The Statue of Liberty has been a symbol of freedom for over a hundred years.Â It was a gift from France to America to commemorate the friendship that was developed when they aided our young nation during the Revolutionary War, and to celebrate our mutual love of freedom.Â
Construction began on the statue in 1875.Â The French referred to the statue as "Liberty Enlightening the World."Â The French had the responsibility of raising the money and building the statue, and the Americans had the responsibility of raising the money and building the base for the statue.Â Lack of funds was a serious issue on both sides of the Atlantic and slowed down construction.Â
The Chief architect of the emerging base was Richard Morris Hunt, and the largest fundraiser was Joseph Pulitzer, Hungarian Immigrant, and the well-known publisher of the "New York World", for whom the Pulitzer Prize is named.Â Newspaper publishers in particular were in a position to impress upon the American public the importance of donating money for the construction of such a symbol.
The statute was finished and so was the base, though several years behind schedule, and the statue was finally presented to the American people.Â Accepting the statue was President Grover Cleveland in October 18, 1886.Â In his speech, he said the following words:
"We will not forget that liberty here made her home;
nor shall her chosen altar be neglected".
The Symbol Opportunity for Immigrants
Ever since the presentation in 1886, the Statue of Liberty has been a beacon of freedom and democracy to the world.Â Most Americans have ancestors who saw the Statue of Liberty on their way to Ellis Island and a new life in America.Â Many immigrants faced terrible conditions in their former countries, including starvation and homelessness.Â Almost 34 million people came to America in this time period.Â It took courage for immigrants to leave their homes and families and everything they knew to start a new life in a new country.Â Some immigrants had to save for many years just to be able to afford a ticket to come to America by ship.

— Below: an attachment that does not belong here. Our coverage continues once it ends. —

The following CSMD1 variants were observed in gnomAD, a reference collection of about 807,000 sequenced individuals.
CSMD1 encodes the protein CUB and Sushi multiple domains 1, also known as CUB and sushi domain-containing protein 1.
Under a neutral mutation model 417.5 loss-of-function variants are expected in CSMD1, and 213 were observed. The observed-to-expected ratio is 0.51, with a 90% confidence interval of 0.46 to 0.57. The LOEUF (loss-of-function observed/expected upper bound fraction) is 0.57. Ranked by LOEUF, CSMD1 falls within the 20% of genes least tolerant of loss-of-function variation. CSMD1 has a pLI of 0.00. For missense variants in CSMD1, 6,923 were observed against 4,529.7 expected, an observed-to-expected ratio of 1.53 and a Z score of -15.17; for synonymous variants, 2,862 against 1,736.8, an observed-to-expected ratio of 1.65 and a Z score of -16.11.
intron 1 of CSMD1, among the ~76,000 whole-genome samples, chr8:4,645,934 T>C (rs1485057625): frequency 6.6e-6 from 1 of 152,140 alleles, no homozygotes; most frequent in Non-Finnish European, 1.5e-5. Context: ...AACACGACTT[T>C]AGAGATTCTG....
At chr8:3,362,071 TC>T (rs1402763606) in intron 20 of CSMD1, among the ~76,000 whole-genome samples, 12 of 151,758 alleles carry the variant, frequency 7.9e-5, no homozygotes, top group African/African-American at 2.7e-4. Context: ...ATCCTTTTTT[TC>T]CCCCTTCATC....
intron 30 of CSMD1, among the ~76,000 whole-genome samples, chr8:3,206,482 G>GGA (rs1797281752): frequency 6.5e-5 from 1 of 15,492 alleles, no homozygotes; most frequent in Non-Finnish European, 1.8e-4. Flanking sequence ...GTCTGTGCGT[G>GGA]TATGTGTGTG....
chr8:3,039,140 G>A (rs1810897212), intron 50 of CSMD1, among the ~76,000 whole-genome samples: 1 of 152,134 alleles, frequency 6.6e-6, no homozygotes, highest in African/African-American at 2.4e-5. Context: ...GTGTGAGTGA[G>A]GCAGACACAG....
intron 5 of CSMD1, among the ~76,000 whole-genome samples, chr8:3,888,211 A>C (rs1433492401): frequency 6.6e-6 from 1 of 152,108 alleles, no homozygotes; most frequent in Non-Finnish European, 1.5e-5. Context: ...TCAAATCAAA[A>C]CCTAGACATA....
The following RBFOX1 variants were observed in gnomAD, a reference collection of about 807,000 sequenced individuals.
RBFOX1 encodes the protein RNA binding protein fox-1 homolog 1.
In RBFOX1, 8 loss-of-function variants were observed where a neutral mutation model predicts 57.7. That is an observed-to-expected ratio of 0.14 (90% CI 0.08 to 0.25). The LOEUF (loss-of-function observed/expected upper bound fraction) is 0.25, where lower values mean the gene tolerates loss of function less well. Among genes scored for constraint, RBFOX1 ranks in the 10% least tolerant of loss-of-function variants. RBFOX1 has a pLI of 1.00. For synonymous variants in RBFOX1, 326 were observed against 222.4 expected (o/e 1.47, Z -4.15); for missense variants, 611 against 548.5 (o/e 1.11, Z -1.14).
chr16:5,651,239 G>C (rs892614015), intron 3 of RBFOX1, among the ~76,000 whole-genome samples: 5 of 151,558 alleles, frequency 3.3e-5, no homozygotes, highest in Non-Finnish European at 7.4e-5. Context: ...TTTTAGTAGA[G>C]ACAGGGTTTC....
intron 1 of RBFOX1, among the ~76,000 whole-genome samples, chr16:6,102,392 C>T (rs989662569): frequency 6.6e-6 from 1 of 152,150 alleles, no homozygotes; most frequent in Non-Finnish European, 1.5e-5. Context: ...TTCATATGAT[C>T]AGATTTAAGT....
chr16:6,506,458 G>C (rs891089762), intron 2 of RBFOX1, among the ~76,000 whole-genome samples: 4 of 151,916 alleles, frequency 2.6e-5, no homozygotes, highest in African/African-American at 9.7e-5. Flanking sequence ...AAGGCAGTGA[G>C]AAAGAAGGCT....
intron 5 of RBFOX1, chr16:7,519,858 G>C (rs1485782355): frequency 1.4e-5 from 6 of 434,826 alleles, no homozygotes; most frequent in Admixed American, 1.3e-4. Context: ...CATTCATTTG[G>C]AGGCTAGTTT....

Accommodation in steerage (or 3rd class) on ships at that time was generally unpleasant.Â Crowding made smells, seasickness, and general lack hygiene even worse.Â We can only imagine what those immigrants felt when they stepped out on deck and with a breath of fresh air, they first saw the Statue of Liberty and knew that they finally had arrived.Â
A poem by Emma Lazarus, which was written 1883, helps us understand the fundamental difference between the American point of view regarding the immigrants and that of the countries they came from.Â The poem is forceful and makes a clear point:Â that we are a nation of immigrants and often of those who were discriminated against, and are all the stronger for it.Â Below is the poem in full:
"The New Colossus" by Emma Lazarus
Not like the brazen giant of Greek fame,
With conquering limbs astride from land to land;
Here at our sea-washed, sunset gates shall stand
A mighty woman with a torch, whose flame
Is the imprisoned lightning, and her name Mother of Exiles.
From her beacon-hand
Glows world-wide welcome; her mild eyes command
The air-bridged harbor that twin cities frame.
""Keep, ancient lands, your storied pomp!"" cries she
With silent lips.Â "Give me your tired, your poor,
Your huddled masses yearning to breathe free,
The wretched refuse of your teeming shore.
Send these, the homeless, tempest-tost to me,
I lift my lamp beside the golden door!"
To this day, Lady Liberty holds her torch aloft for all to see.Â Liberty continues to be a symbol of freedom and democracy throughout the world.Â In several countries fighting for democracy, including in Tiananmen Square in China, a version of a goddess of freedom was carried, leading the people forward.
A little known fact is that the statue itself shows us that democracy and freedom must always move forward.Â The Statue of Liberty includes a difficult-to-see chain wrapped around her legs.Â The chain is broken and Lady Liberty steps forward, away from her past captivity and toward liberty.